A visit with Funcom Designer Jason Stone and Product Director Jorgen Tharaldsen is always a great experience. Jorgen has the most amazing head for numbers and is able tell me things like there are currently over 2,700 animations for female avatars in game. They haven't quite finished them all yet, which is the reason they have not shown female avatars, nor included them in the beta builds as the game play experience is the same with avatars of either gender. On the other hand, Jason Stone will take me through GM tools to show me female avatars and show me an animated emote he created which had Jorgen trying to hide the screen with his hands, crying "Noooo! I can't believe you showed her THAT!"
I am happy to report though, that female avatars are definitely in the game. The GM tool Jason ran me through is what they call a "play field" where I saw literally, hundreds upon hundreds of male and female avatars dressed and undressed in hundreds of different outfits and armor. "We've got more than just the chain mail bikini," he said. "We've got some actual armor in game."
"We learned a lot from Anarchy Online," said Jorgen as he asked Jason to show me the social clothing choices. "We know that players enjoy having more than one set of clothing, more than just wearing armor." They are coordinating the pieces however, and unlike Anarchy Online, we won't be seeing white wedding dresses on hulking male bodies - or in the context of Age of Conan, itty-bitty chain mail bikinis on hulking Cimmerians.
CES 2008 is a technology and buyers show. Hence, for this show, Funcom was showing off the latest Age of Conan build, on their proprietary Dreamworld Engine, an engine they've been developing since 1995. Twelve years after, I am here to report that it is absolutely gorgeous. Jorgen attributes the absolutely smashing graphics and animation to the genius of their Art Director Didrik Tollefsen who also worked on their "Longest Journey" PC game. He also gave credit to a mime who graduated from France's premier pantomime school who they used to do motion capture photography to aid their animation artists.
I am greatly impressed with what Funcom has achieved in their art. It has been six months since I last saw the game at E3, but the game play footage trailer and what I saw in-game as Jason ran me around, literally took my breath away. Mounts in-game are still "pocket" mounts as they are summoned, however, your avatar does not simply appear mounted when your steed shows up. Your avatar actually mounts - puts one foot into the stirrup, swings up and settles into the saddle. The animations are smooth and natural. Man and horse actually moved together. The man's body and limbs reacting to the movement of the horse. We looked at water lapping on shore and water rippling in progressive rings as we swam. Rivers and streams that flowed, excellent running, walking, combat and social animations.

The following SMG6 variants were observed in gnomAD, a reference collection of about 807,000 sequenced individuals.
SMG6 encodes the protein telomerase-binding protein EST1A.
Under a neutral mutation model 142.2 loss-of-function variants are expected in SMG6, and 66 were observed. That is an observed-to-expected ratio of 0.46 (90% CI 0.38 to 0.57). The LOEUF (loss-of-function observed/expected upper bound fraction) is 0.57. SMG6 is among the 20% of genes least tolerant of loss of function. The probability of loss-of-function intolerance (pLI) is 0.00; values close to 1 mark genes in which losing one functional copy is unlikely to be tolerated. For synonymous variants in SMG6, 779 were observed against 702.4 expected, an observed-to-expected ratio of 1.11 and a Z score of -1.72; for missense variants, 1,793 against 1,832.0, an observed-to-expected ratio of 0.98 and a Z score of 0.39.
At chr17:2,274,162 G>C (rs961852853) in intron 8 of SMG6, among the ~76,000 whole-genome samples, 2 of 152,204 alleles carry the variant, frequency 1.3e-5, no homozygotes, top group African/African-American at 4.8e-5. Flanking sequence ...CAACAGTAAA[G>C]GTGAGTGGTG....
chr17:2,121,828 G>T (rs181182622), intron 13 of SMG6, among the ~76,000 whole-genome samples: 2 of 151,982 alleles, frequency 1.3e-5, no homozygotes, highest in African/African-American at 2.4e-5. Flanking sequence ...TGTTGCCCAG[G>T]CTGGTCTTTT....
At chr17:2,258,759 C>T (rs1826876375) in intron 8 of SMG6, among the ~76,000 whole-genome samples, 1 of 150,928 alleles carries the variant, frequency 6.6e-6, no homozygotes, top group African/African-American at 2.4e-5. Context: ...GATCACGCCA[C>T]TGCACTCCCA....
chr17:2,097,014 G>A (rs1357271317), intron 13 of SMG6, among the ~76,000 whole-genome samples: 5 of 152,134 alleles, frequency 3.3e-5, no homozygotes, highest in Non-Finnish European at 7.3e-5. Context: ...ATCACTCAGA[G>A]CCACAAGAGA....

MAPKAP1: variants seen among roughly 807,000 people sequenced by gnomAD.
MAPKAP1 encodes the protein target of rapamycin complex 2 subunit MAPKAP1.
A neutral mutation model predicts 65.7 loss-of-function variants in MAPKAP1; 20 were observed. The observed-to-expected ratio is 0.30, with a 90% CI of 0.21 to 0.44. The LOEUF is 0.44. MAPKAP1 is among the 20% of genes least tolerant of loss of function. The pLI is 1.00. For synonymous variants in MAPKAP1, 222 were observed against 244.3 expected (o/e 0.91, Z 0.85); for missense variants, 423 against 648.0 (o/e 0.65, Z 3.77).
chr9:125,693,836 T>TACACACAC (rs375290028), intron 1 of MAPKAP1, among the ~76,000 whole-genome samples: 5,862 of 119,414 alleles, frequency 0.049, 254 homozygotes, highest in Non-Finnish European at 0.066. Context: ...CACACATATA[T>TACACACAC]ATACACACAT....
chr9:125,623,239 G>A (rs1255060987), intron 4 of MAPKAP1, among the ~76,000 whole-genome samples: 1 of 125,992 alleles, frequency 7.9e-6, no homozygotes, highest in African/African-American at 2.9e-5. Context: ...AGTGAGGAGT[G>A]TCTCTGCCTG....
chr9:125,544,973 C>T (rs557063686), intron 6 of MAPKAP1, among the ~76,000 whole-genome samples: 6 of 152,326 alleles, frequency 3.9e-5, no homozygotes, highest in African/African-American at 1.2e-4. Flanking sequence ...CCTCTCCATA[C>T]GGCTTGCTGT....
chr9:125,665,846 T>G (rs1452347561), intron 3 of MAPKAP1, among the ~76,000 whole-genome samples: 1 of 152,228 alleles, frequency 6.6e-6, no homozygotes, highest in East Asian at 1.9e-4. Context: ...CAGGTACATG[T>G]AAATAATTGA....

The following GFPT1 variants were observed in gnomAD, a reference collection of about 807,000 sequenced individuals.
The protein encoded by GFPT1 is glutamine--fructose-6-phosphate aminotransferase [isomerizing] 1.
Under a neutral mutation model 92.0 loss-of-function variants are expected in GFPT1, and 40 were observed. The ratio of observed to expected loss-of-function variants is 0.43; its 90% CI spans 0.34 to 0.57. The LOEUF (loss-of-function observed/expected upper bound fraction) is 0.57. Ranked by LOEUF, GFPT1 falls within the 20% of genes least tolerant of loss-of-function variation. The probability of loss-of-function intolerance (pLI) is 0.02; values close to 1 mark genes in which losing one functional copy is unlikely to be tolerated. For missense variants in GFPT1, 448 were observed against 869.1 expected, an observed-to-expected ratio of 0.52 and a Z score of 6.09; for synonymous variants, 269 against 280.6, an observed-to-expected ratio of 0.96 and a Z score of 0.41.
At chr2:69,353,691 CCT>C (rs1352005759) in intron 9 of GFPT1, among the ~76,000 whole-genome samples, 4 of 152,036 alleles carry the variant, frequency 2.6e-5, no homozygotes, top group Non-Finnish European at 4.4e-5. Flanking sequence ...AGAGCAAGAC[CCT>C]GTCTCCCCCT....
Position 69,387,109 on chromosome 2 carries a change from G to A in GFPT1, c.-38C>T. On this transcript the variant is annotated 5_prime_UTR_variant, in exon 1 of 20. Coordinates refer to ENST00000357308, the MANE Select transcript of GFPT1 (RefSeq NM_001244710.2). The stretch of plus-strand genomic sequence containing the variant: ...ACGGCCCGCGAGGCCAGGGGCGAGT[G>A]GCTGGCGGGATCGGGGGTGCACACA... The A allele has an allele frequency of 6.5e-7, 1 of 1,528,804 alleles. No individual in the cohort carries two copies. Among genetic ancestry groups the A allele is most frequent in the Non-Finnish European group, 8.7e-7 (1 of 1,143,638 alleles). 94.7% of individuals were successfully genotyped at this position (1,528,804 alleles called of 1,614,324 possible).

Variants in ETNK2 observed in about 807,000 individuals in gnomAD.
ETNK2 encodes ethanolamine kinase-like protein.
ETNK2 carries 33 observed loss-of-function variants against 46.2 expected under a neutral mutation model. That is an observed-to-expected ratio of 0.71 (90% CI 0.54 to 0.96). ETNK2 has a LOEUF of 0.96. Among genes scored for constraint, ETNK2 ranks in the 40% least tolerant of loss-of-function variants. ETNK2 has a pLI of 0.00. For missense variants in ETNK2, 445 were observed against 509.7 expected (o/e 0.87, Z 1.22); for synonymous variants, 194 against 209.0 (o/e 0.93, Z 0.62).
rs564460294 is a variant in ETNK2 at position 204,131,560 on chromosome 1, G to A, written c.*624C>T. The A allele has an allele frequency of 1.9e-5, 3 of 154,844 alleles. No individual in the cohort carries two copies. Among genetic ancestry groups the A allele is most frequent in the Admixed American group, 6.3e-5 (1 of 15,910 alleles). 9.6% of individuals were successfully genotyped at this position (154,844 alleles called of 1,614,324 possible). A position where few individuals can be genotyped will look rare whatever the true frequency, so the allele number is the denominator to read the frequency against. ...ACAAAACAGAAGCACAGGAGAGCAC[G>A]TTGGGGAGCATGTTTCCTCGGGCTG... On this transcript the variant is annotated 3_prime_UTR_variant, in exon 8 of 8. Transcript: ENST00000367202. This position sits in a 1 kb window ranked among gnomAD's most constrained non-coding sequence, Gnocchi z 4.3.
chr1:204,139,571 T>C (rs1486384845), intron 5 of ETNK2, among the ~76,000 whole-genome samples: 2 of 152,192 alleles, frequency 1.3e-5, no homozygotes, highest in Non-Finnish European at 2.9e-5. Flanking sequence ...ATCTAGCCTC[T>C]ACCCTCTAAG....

I wanted to look at the horse and how well it was detailed again, so while I marveled at the in-game animation. Jason told me that mounts can be knocked out and damaged, but not killed, I was told, and they will heal up in time. Regular mounts are horses and camels and your siege mounts are Mammoths and Rhinos.
My first reaction to this eye-candy bonanza was not unexpected by Jorgen . "You are asking the exact same questions that everybody asks!" he said, answering proudly that this was indeed rendered in DirectX 9, not 10, and that the computer used was beefy, but not cutting edge. They were demonstrating the game on Dell XPS computers with Core 2 Duo CPUs and 800MHz Graphics cards with 512Mg RAM. Indeed, they were so confident of this latest optimization that they had turned the FPS counter ON.
We "flew" through Conalls Valley - an area just outside Conan's birth place, where many available quests will take us into the valley and beyond. Frames Per Second (FPS) ranged from over 20 in areas crowded with NPCs and environmental features to over 50. Then we ran through it with a character, whacking a few NPCs along the way. Jason spun around and panned the camera across the landscape to show how the FPS never fell under 20. Indeed, it remained above 30 most of the time. If readers will recall, back at E3, I reported that Funcom artists had very creatively used colors and color shading to create the illusion of a texture rich 3-D world in order to keep FPS high to allow for real time combat. With this new engine, it looks even better. Jorgen confirmed that they felt that color was very important to convey the feel of a region; such as Conalls Valley being in Autumnal colors conveying the dying of the year. As it stands currently, the 24 hour day and night cycles are compressed into eight; four real-time hours of light and four hours of darkness. I commented that it seemed a little long to me and both Jorgen and Jason simultaneously mentioned that they are looking at shortening that further.